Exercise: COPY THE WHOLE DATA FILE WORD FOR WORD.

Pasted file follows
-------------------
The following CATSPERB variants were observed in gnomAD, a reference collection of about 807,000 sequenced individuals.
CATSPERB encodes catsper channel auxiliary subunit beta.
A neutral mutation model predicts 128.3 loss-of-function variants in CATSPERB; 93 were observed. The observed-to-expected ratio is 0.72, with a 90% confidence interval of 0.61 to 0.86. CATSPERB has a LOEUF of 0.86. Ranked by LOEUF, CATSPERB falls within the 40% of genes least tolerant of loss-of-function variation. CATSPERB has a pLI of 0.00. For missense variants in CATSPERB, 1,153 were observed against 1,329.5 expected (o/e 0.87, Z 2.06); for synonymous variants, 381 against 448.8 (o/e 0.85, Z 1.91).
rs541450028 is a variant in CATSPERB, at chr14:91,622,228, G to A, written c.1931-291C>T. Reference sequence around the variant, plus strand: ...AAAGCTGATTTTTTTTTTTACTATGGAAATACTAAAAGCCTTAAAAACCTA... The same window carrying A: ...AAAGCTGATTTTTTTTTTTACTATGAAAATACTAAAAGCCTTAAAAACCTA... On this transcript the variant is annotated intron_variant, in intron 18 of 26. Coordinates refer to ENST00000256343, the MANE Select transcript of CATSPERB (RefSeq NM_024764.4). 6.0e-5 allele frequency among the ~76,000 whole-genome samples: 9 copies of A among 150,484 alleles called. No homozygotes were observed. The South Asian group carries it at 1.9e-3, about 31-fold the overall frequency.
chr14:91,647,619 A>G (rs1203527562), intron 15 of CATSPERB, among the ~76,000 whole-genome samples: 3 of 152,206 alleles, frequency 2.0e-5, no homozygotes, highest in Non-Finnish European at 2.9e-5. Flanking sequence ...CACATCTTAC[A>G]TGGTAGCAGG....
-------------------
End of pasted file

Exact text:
The following CATSPERB variants were observed in gnomAD, a reference collection of about 807,000 sequenced individuals.
CATSPERB encodes catsper channel auxiliary subunit beta.
A neutral mutation model predicts 128.3 loss-of-function variants in CATSPERB; 93 were observed. The observed-to-expected ratio is 0.72, with a 90% confidence interval of 0.61 to 0.86. CATSPERB has a LOEUF of 0.86. Ranked by LOEUF, CATSPERB falls within the 40% of genes least tolerant of loss-of-function variation. CATSPERB has a pLI of 0.00. For missense variants in CATSPERB, 1,153 were observed against 1,329.5 expected (o/e 0.87, Z 2.06); for synonymous variants, 381 against 448.8 (o/e 0.85, Z 1.91).
rs541450028 is a variant in CATSPERB, at chr14:91,622,228, G to A, written c.1931-291C>T. Reference sequence around the variant, plus strand: ...AAAGCTGATTTTTTTTTTTACTATGGAAATACTAAAAGCCTTAAAAACCTA... The same window carrying A: ...AAAGCTGATTTTTTTTTTTACTATGAAAATACTAAAAGCCTTAAAAACCTA... On this transcript the variant is annotated intron_variant, in intron 18 of 26. Coordinates refer to ENST00000256343, the MANE Select transcript of CATSPERB (RefSeq NM_024764.4). 6.0e-5 allele frequency among the ~76,000 whole-genome samples: 9 copies of A among 150,484 alleles called. No homozygotes were observed. The South Asian group carries it at 1.9e-3, about 31-fold the overall frequency.
chr14:91,647,619 A>G (rs1203527562), intron 15 of CATSPERB, among the ~76,000 whole-genome samples: 3 of 152,206 alleles, frequency 2.0e-5, no homozygotes, highest in Non-Finnish European at 2.9e-5. Flanking sequence ...CACATCTTAC[A>G]TGGTAGCAGG....